Music

15 Years Later, The Killers Are Still Looking On The Brightside Of Life

They came out on the stage, and they did just fine.

The Killers

“YOU’RE NOT THE KILLERS!” 

A voice rings out from the stage-left side of Qudos Bank Arena just after 8pm, as tonight’s opening act tries to speak to the crowd. It’s the classic case of thinking supports are actively trying to keep you from seeing the headliner, as if allocated times aren’t given out in advance. Captain Obvious is right, though — right now, that’s Jack Ladder and “some of” The Dreamlanders (bassist Donny Benet is on a solo tour, while guitarist Kirin J Callinan is currently in exile).

Ladder and co. were handpicked by tonight’s headliners to share some of the spotlight of a massive arena show — and it’s certainly a far cry from the inner-city bars they’ve grown accustomed to over the years. Although it’s a brisk 20 minute set, they still get their slick, icy new-wave across the line. No, they’re not The Killers. That’s the point. 

Not 15 minutes later, a folk hero is born to the gig-a-year normies of Sydney. His name: Roy Molloy, saxophonist and “business partner” of main support Alex Cameron. Although a supergroup flanks Cameron — Ladder’s back on guitar, PVT’s Laurence Pike’s on percussion, Bridezilla alum Holiday Sidewinder sings and plays keys — there’s a certifiable eruption every time Molloy is introduced for his sax part. Before too long, more chants of “ROY, ROY, ROY!” breaks out.

While other acts are dwarfed by an arena stage, Cameron and co eclipse it.

As the lights go down and the curtain drops away, the elaborate staging for the show reveals itself. In case you hadn’t gathered, we’re here for a show. Not a plug-in-and-play gig, like you might have seen when the band played The Metro back in 2013 — no, this is every whistle and bell imaginable. Don’t believe it? The second song of the night, ‘The Man’, has confetti cannons. It’s party time, and we’re not leaving until curfew says we legally have to.

The current live ensemble of The Killers is nine people strong. The three backing vocalists pack a punch, adding a little extra flair to songs you wouldn’t normally expect to stand out, like Battle Born ballad ‘The Way It Was’ or Wonderful Wonderful‘s ‘Rut’.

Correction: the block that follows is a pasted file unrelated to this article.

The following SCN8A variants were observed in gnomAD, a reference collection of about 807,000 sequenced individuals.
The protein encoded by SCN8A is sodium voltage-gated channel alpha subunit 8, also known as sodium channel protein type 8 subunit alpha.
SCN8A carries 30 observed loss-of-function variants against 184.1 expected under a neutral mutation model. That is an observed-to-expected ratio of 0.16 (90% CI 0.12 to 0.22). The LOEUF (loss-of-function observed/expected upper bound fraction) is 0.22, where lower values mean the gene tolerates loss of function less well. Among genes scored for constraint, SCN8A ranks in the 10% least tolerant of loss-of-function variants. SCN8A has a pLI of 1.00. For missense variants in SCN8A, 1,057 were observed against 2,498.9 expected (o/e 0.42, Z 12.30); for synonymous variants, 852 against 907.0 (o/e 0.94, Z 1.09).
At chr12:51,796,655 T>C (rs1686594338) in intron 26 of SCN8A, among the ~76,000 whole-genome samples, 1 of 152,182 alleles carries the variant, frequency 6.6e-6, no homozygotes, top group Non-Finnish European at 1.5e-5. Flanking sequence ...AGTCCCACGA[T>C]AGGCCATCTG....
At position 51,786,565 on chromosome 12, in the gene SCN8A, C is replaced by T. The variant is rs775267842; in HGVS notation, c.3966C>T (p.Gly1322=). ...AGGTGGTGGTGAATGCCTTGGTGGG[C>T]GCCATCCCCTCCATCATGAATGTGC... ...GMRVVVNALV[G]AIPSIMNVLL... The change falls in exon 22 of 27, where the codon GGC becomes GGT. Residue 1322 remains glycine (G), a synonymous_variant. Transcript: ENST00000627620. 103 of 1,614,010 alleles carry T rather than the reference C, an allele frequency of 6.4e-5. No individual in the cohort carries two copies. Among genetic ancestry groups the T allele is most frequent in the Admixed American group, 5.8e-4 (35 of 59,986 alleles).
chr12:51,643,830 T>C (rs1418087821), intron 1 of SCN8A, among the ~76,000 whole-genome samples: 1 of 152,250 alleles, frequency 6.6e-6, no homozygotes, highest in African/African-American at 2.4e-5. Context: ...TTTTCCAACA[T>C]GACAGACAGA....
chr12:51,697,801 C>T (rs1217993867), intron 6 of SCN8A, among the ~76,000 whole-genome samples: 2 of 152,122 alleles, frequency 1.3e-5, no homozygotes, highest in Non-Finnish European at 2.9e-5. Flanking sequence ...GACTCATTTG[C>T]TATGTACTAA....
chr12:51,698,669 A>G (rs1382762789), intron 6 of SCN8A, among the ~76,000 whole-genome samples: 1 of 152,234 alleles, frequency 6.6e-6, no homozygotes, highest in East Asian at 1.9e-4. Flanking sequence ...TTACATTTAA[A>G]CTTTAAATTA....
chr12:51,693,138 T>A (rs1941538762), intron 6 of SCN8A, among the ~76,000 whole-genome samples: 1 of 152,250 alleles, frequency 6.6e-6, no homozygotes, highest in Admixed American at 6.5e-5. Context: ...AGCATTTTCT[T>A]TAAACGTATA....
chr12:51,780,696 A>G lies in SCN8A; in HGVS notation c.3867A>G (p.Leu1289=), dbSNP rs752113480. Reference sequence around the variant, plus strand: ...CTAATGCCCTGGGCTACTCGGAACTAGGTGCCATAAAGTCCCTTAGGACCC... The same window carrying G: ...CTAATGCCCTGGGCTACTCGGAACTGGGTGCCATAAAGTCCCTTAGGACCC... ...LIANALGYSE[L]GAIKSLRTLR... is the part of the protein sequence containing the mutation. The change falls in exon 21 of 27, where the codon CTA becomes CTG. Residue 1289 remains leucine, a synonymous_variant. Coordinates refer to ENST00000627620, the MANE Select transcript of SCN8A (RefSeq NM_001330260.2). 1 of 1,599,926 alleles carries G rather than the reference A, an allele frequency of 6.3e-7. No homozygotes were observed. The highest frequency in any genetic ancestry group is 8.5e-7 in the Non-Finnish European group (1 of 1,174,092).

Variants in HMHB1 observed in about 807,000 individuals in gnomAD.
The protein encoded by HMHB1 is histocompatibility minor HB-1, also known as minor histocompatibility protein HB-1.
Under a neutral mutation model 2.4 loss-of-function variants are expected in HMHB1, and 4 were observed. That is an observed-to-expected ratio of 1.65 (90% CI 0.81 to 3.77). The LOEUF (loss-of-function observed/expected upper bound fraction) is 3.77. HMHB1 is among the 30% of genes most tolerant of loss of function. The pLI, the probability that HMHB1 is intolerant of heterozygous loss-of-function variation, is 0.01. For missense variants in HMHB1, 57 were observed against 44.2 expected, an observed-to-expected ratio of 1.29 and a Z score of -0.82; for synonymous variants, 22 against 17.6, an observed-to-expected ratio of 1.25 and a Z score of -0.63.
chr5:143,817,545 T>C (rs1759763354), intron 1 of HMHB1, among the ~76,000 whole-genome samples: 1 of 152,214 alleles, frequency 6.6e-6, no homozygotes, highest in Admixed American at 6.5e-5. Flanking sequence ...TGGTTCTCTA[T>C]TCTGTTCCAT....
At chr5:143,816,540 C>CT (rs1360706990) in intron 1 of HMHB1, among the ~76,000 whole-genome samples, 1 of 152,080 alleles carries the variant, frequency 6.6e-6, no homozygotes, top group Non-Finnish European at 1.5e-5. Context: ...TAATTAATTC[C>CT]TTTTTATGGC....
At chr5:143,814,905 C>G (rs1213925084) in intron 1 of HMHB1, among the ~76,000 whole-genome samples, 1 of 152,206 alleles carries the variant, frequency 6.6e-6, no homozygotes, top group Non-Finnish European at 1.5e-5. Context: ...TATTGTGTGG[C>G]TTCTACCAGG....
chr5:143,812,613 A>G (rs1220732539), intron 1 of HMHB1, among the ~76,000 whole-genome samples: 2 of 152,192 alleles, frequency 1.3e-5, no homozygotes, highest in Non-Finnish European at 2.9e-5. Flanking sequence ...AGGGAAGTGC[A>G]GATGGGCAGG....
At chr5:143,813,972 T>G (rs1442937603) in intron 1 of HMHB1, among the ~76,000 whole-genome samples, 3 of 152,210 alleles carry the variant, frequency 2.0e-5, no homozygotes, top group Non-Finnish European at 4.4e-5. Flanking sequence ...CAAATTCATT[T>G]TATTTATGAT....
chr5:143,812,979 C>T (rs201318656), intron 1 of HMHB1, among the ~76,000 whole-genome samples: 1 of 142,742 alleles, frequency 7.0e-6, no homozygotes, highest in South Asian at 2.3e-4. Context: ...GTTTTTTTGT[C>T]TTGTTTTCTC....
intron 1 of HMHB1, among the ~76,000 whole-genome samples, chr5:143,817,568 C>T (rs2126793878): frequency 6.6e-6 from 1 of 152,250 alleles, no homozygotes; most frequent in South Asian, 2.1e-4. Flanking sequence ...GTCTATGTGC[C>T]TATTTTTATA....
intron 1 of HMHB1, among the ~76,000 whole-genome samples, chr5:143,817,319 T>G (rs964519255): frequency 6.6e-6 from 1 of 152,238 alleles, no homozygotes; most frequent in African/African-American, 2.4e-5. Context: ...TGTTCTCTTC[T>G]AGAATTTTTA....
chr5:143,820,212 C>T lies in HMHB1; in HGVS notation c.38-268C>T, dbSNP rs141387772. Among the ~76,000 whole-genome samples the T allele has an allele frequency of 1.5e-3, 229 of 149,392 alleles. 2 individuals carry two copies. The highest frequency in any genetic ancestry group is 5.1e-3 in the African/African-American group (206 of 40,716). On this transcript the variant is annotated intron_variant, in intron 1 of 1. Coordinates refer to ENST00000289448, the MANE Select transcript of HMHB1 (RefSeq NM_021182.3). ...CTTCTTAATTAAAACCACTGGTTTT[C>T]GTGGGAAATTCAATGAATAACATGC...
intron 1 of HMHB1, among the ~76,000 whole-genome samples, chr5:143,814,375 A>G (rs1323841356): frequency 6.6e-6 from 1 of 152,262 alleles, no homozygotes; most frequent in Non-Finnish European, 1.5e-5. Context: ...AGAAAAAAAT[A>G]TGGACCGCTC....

“When [Flowers] drops off the mic during ‘Spaceman’ and ‘Runaways’, he exudes the confidence that can only come with knowing you have 17,000 backing vocalists at your disposal”

Meanwhile, southpaw shredder Ted Sablay is right at home on a massive stage, feeling less like a fill-in and more a vital part of the operation. Although all four original members are still in the band, two are off the road pursuing family life and other projects. No disrespect to either Mark Stoermer (bass) or Dave Keuning (guitar), but if one had to call a “better half” of The Killers, it’s the one that’s on the road.

Ronnie Vanucci, Jr. is relentless behind the kit — you never realise how technical and intense ‘Somebody Told Me’ is on the skins, for instance, until you’re watching him come down on the drums like a tonne of bricks.

Brandon Flowers, meanwhile, very clearly has the whole Pharrell/Rob Lowe thing going on in that he doesn’t appear to have aged in the last 15 years. He’s pure charisma and swagger, drawing equally from the church preacher as he is your Mick Jaggers and Simon Le Bons. When he drops off the mic during ‘Spaceman’ and ‘Runaways’, he exudes the confidence that can only come with knowing you have 17,000 backing vocalists at your disposal.

Somehow, someway, things get even crazier when the encore arrives. Out of nowhere, Flowers introduces The Vines’ Craig Nicholls — who hasn’t been seen performing in over a year — for a blistering ‘Get Free’. It’s the ultimate 2000s indie kid fantasy — if they’d have then brought out Alex Kapranos for ‘Take Me Out’, the universe may have imploded. Nicholls stuck around to joyously dance around and sing backing vocals for ‘When You Were Young’, tumbling down the stairs set up in the middle of the stage like it was 2002 all over again.

That’s when it hits — the guitar picks out its C# major arpeggio, the hi-hats hit the 16ths and the entire arena promptly comes the fuck out of its cage. ‘Mr. Brightside’, as exemplified by videos like the Irish pub sing-along and the footage from Glastonbury 2017, is kind of on the same anthemic level as ‘Smells Like Teen Spirit’. Much like that song, most couldn’t really tell you what the whole thing’s really about — but you’ll be damned if it doesn’t feel good to scream at the top of your lungs.

An evening with The Killers is affirming, invigorating and inspiring. They’ve survived every passing trend, fad and revival — all that’s left to do is pick dancer over human.

David James Young is a writer and podcaster. Tweet him @DJYwrites.

The Killers photos by Rob Loud